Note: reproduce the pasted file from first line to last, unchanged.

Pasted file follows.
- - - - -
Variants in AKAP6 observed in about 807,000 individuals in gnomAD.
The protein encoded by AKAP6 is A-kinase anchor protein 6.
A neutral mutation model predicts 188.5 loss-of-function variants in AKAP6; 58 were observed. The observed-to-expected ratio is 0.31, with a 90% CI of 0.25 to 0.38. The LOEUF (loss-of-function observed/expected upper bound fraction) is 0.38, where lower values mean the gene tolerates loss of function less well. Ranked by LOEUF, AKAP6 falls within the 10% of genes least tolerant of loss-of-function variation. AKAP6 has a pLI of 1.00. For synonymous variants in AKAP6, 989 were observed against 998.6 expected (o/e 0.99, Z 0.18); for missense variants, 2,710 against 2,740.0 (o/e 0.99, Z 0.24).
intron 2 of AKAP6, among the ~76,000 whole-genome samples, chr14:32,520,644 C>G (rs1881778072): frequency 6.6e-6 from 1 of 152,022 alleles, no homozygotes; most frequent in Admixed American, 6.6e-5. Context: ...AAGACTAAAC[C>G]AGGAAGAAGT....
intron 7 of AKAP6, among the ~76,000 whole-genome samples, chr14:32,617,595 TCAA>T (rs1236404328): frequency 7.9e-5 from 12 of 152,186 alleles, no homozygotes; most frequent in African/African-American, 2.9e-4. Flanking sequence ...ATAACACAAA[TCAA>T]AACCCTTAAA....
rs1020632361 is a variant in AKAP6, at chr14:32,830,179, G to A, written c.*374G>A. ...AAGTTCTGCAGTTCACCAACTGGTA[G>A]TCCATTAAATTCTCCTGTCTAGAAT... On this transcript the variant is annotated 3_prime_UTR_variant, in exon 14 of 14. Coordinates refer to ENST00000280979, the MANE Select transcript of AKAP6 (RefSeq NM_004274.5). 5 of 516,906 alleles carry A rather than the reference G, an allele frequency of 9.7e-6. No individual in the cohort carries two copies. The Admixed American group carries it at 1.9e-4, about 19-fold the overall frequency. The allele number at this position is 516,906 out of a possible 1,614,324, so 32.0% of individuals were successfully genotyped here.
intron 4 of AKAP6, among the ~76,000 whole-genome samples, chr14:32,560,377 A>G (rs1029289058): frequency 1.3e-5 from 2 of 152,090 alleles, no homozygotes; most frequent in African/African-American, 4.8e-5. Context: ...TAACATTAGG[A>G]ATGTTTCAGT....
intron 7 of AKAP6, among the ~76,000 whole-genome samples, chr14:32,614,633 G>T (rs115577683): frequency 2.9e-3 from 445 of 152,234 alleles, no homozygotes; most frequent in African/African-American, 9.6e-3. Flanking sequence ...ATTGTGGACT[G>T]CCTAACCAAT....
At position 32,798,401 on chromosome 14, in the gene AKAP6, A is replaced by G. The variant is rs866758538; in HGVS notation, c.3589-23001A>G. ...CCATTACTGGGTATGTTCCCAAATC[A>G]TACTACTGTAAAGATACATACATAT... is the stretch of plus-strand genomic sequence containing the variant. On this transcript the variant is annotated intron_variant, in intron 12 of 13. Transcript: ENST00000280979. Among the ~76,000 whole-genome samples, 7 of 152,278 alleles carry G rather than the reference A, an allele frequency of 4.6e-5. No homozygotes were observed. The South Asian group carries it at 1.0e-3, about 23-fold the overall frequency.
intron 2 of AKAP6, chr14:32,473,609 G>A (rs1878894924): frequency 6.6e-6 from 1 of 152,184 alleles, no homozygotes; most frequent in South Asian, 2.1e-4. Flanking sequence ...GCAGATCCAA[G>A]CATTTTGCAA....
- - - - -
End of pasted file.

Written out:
Variants in AKAP6 observed in about 807,000 individuals in gnomAD.
The protein encoded by AKAP6 is A-kinase anchor protein 6.
A neutral mutation model predicts 188.5 loss-of-function variants in AKAP6; 58 were observed. The observed-to-expected ratio is 0.31, with a 90% CI of 0.25 to 0.38. The LOEUF (loss-of-function observed/expected upper bound fraction) is 0.38, where lower values mean the gene tolerates loss of function less well. Ranked by LOEUF, AKAP6 falls within the 10% of genes least tolerant of loss-of-function variation. AKAP6 has a pLI of 1.00. For synonymous variants in AKAP6, 989 were observed against 998.6 expected (o/e 0.99, Z 0.18); for missense variants, 2,710 against 2,740.0 (o/e 0.99, Z 0.24).
intron 2 of AKAP6, among the ~76,000 whole-genome samples, chr14:32,520,644 C>G (rs1881778072): frequency 6.6e-6 from 1 of 152,022 alleles, no homozygotes; most frequent in Admixed American, 6.6e-5. Context: ...AAGACTAAAC[C>G]AGGAAGAAGT....
intron 7 of AKAP6, among the ~76,000 whole-genome samples, chr14:32,617,595 TCAA>T (rs1236404328): frequency 7.9e-5 from 12 of 152,186 alleles, no homozygotes; most frequent in African/African-American, 2.9e-4. Flanking sequence ...ATAACACAAA[TCAA>T]AACCCTTAAA....
rs1020632361 is a variant in AKAP6, at chr14:32,830,179, G to A, written c.*374G>A. ...AAGTTCTGCAGTTCACCAACTGGTA[G>A]TCCATTAAATTCTCCTGTCTAGAAT... On this transcript the variant is annotated 3_prime_UTR_variant, in exon 14 of 14. Coordinates refer to ENST00000280979, the MANE Select transcript of AKAP6 (RefSeq NM_004274.5). 5 of 516,906 alleles carry A rather than the reference G, an allele frequency of 9.7e-6. No individual in the cohort carries two copies. The Admixed American group carries it at 1.9e-4, about 19-fold the overall frequency. The allele number at this position is 516,906 out of a possible 1,614,324, so 32.0% of individuals were successfully genotyped here.
intron 4 of AKAP6, among the ~76,000 whole-genome samples, chr14:32,560,377 A>G (rs1029289058): frequency 1.3e-5 from 2 of 152,090 alleles, no homozygotes; most frequent in African/African-American, 4.8e-5. Context: ...TAACATTAGG[A>G]ATGTTTCAGT....
intron 7 of AKAP6, among the ~76,000 whole-genome samples, chr14:32,614,633 G>T (rs115577683): frequency 2.9e-3 from 445 of 152,234 alleles, no homozygotes; most frequent in African/African-American, 9.6e-3. Flanking sequence ...ATTGTGGACT[G>T]CCTAACCAAT....
At position 32,798,401 on chromosome 14, in the gene AKAP6, A is replaced by G. The variant is rs866758538; in HGVS notation, c.3589-23001A>G. ...CCATTACTGGGTATGTTCCCAAATC[A>G]TACTACTGTAAAGATACATACATAT... is the stretch of plus-strand genomic sequence containing the variant. On this transcript the variant is annotated intron_variant, in intron 12 of 13. Transcript: ENST00000280979. Among the ~76,000 whole-genome samples, 7 of 152,278 alleles carry G rather than the reference A, an allele frequency of 4.6e-5. No homozygotes were observed. The South Asian group carries it at 1.0e-3, about 23-fold the overall frequency.
intron 2 of AKAP6, chr14:32,473,609 G>A (rs1878894924): frequency 6.6e-6 from 1 of 152,184 alleles, no homozygotes; most frequent in South Asian, 2.1e-4. Flanking sequence ...GCAGATCCAA[G>A]CATTTTGCAA....